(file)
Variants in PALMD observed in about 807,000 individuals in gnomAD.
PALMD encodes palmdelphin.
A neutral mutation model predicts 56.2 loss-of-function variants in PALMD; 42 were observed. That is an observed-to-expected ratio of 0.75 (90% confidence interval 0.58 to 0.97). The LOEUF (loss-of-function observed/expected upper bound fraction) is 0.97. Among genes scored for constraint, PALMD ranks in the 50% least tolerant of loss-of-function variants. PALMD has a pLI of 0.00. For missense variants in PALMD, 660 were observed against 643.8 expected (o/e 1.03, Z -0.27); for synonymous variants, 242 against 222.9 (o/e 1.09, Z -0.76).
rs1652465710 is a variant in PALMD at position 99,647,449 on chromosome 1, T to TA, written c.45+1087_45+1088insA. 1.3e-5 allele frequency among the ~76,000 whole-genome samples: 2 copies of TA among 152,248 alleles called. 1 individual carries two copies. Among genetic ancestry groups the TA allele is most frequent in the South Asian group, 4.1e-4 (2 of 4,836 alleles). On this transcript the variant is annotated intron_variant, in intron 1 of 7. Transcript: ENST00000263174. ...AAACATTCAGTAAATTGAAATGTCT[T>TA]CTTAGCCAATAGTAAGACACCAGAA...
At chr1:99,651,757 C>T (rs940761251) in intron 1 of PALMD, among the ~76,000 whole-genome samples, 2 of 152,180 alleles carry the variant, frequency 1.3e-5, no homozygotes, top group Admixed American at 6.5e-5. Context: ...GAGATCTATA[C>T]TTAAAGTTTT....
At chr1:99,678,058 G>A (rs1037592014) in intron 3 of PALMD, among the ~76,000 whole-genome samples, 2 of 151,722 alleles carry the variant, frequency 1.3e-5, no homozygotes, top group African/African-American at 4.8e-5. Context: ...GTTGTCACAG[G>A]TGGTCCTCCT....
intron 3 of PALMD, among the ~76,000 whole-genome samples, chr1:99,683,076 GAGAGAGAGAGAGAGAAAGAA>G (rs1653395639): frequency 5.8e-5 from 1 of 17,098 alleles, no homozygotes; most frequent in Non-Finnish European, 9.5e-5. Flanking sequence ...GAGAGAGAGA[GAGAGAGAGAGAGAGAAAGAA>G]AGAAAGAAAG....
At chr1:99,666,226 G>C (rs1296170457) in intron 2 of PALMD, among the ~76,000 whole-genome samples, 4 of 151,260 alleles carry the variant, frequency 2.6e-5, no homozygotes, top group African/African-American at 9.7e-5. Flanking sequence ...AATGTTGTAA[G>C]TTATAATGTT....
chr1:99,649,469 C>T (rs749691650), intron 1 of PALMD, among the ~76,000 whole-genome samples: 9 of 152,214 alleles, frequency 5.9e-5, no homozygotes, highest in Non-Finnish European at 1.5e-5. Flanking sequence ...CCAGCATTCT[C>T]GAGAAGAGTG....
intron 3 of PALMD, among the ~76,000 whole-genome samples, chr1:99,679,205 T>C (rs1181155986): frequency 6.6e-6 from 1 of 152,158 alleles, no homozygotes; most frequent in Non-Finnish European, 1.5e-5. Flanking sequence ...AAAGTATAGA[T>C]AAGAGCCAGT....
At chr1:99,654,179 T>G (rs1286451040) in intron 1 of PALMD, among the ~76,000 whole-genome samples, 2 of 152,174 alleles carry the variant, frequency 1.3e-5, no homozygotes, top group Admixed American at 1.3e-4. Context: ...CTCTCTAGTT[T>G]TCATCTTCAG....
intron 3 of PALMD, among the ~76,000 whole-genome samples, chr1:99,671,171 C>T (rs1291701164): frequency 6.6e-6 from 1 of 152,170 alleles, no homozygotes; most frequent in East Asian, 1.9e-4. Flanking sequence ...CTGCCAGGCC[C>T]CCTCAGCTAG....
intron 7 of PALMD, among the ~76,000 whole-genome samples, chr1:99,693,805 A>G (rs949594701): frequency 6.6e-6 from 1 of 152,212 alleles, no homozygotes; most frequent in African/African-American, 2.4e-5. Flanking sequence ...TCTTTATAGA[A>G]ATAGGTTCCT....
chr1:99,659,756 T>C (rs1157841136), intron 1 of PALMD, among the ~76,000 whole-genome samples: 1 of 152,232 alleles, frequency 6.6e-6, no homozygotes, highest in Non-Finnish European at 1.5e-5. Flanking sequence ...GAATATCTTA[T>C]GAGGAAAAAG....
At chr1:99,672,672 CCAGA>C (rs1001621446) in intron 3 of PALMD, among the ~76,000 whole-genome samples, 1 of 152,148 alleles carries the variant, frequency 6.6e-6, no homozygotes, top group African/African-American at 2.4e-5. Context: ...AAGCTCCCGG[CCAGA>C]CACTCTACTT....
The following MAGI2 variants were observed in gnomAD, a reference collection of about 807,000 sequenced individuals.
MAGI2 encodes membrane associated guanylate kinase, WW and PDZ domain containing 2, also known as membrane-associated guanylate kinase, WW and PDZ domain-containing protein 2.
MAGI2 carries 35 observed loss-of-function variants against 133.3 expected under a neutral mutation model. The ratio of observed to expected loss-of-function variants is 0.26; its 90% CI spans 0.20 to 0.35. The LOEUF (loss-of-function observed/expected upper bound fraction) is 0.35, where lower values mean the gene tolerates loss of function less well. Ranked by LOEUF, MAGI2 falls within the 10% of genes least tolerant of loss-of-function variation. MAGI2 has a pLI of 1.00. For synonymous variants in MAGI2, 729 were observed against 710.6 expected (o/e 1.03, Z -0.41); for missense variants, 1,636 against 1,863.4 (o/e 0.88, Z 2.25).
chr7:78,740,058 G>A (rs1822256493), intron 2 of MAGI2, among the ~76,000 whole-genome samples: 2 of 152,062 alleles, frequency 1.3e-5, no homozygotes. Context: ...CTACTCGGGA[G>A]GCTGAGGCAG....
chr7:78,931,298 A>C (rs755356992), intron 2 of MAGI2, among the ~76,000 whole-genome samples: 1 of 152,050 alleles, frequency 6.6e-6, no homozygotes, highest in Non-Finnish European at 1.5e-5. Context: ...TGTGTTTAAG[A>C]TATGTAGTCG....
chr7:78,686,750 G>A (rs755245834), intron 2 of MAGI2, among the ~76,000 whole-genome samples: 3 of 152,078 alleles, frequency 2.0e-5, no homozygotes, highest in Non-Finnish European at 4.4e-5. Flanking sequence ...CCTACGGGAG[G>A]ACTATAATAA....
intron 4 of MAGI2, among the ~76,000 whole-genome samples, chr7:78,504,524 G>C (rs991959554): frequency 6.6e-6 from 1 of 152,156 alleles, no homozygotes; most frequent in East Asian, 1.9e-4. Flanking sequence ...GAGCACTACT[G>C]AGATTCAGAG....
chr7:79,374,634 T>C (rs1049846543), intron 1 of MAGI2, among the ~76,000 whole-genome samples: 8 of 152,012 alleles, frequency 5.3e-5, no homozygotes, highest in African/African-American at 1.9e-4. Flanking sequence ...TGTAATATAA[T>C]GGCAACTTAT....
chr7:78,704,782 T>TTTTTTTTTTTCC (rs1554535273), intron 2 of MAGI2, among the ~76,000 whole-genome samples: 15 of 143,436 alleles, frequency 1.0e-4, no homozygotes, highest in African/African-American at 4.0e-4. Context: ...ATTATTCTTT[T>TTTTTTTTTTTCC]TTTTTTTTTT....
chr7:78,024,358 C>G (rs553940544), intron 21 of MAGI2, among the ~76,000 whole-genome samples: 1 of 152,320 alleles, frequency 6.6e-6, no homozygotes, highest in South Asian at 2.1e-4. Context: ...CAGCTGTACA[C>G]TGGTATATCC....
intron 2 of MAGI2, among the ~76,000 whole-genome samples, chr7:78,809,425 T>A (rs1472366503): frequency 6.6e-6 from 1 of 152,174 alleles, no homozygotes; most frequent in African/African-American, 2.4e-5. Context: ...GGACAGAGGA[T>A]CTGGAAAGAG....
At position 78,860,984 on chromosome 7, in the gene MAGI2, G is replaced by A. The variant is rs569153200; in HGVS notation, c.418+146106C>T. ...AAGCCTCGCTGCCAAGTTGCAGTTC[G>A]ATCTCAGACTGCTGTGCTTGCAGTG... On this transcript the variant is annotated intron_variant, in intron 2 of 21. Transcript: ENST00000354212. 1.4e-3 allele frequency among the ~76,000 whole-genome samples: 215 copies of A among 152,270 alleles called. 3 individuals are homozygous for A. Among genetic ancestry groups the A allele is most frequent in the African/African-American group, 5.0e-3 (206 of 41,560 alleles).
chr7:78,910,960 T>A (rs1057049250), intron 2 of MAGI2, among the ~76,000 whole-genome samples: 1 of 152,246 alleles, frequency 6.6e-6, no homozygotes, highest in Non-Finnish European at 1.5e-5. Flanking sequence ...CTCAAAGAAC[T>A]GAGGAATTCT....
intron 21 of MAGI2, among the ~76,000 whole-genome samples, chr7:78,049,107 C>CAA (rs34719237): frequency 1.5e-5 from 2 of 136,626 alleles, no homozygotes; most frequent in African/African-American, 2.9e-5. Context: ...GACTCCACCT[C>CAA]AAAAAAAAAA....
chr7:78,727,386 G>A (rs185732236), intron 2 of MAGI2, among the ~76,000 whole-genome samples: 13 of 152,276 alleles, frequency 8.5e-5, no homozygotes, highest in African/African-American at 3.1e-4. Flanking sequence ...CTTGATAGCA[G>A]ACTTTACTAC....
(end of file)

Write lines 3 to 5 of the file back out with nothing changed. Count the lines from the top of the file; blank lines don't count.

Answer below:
A neutral mutation model predicts 56.2 loss-of-function variants in PALMD; 42 were observed. That is an observed-to-expected ratio of 0.75 (90% confidence interval 0.58 to 0.97). The LOEUF (loss-of-function observed/expected upper bound fraction) is 0.97. Among genes scored for constraint, PALMD ranks in the 50% least tolerant of loss-of-function variants. PALMD has a pLI of 0.00. For missense variants in PALMD, 660 were observed against 643.8 expected (o/e 1.03, Z -0.27); for synonymous variants, 242 against 222.9 (o/e 1.09, Z -0.76).
rs1652465710 is a variant in PALMD at position 99,647,449 on chromosome 1, T to TA, written c.45+1087_45+1088insA. 1.3e-5 allele frequency among the ~76,000 whole-genome samples: 2 copies of TA among 152,248 alleles called. 1 individual carries two copies. Among genetic ancestry groups the TA allele is most frequent in the South Asian group, 4.1e-4 (2 of 4,836 alleles). On this transcript the variant is annotated intron_variant, in intron 1 of 7. Transcript: ENST00000263174. ...AAACATTCAGTAAATTGAAATGTCT[T>TA]CTTAGCCAATAGTAAGACACCAGAA...
At chr1:99,651,757 C>T (rs940761251) in intron 1 of PALMD, among the ~76,000 whole-genome samples, 2 of 152,180 alleles carry the variant, frequency 1.3e-5, no homozygotes, top group Admixed American at 6.5e-5. Context: ...GAGATCTATA[C>T]TTAAAGTTTT....